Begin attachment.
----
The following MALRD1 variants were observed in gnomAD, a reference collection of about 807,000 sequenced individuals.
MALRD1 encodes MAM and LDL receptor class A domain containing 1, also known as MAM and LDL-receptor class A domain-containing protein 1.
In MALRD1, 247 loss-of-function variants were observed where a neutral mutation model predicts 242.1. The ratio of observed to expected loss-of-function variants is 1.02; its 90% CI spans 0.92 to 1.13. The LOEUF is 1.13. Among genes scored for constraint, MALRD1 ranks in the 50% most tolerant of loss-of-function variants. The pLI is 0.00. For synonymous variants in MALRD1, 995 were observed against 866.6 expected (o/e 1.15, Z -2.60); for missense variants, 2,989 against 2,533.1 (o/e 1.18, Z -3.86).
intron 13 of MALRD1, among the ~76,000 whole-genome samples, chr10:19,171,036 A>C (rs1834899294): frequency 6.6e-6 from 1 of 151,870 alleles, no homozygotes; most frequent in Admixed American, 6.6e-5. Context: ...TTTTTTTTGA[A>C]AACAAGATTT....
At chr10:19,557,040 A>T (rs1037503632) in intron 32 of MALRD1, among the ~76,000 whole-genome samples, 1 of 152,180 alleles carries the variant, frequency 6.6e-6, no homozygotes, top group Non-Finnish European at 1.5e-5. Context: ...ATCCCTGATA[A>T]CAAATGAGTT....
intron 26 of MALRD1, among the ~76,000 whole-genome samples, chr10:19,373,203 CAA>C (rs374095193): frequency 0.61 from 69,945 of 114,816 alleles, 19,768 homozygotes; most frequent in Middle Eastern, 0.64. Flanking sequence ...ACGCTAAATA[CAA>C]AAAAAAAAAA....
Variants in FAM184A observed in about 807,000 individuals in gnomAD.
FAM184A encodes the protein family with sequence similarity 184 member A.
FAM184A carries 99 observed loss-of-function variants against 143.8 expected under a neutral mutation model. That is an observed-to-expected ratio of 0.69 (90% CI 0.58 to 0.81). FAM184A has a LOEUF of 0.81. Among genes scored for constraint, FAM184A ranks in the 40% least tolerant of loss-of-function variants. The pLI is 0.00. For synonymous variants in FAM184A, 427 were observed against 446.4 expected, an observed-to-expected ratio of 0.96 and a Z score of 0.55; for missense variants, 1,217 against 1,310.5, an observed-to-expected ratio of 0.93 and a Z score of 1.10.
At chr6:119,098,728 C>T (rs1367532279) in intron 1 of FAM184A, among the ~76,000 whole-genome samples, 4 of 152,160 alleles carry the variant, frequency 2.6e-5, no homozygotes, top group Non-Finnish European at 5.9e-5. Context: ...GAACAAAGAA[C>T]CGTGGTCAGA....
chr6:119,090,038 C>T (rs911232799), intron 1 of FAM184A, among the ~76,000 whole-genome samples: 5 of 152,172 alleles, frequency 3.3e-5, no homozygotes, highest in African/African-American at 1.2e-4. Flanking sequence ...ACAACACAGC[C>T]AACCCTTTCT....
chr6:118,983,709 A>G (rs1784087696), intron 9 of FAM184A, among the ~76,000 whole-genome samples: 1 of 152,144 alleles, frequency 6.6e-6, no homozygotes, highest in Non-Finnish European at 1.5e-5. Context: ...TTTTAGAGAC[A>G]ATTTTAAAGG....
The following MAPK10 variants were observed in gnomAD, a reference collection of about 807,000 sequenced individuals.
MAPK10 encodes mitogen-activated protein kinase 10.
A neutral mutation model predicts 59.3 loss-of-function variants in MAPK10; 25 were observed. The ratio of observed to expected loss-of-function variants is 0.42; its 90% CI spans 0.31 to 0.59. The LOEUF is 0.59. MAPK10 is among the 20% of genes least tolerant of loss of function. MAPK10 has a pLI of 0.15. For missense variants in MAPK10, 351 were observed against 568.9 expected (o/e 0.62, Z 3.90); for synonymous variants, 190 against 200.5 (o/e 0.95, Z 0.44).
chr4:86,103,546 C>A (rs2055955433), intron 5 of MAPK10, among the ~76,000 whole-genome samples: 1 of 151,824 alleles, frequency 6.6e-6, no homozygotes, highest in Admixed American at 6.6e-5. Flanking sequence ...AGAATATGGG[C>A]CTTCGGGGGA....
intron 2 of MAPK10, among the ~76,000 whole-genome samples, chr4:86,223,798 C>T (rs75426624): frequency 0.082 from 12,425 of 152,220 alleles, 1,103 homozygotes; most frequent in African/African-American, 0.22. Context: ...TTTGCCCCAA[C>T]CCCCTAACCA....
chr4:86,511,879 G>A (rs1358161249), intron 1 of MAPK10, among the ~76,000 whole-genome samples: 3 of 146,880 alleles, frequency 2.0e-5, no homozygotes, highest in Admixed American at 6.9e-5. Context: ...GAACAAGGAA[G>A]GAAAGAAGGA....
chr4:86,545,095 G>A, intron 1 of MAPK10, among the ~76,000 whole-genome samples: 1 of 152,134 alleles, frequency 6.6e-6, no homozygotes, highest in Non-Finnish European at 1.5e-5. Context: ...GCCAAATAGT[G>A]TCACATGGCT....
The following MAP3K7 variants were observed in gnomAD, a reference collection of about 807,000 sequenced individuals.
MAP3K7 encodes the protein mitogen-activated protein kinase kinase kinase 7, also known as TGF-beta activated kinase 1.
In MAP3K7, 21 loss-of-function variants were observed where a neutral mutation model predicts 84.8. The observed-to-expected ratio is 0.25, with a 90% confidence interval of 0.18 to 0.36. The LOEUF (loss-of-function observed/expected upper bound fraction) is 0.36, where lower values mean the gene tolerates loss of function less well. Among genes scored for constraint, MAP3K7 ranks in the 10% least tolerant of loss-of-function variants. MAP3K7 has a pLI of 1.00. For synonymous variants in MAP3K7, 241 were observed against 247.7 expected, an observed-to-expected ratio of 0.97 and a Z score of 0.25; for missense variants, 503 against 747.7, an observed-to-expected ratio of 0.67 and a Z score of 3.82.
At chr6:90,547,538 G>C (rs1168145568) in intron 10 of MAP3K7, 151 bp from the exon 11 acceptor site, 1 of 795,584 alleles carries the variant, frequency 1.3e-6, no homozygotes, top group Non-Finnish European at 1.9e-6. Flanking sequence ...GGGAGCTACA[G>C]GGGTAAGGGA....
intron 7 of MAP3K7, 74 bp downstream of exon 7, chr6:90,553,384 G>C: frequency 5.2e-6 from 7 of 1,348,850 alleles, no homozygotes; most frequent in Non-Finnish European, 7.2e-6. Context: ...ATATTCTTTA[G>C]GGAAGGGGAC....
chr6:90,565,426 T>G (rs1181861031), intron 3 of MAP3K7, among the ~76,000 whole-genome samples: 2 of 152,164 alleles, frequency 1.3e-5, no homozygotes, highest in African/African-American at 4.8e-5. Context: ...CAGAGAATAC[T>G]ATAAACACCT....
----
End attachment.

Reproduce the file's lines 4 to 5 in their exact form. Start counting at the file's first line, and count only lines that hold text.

intron 13 of MALRD1, among the ~76,000 whole-genome samples, chr10:19,171,036 A>C (rs1834899294): frequency 6.6e-6 from 1 of 151,870 alleles, no homozygotes; most frequent in Admixed American, 6.6e-5. Context: ...TTTTTTTTGA[A>C]AACAAGATTT....
At chr10:19,557,040 A>T (rs1037503632) in intron 32 of MALRD1, among the ~76,000 whole-genome samples, 1 of 152,180 alleles carries the variant, frequency 6.6e-6, no homozygotes, top group Non-Finnish European at 1.5e-5. Context: ...ATCCCTGATA[A>T]CAAATGAGTT....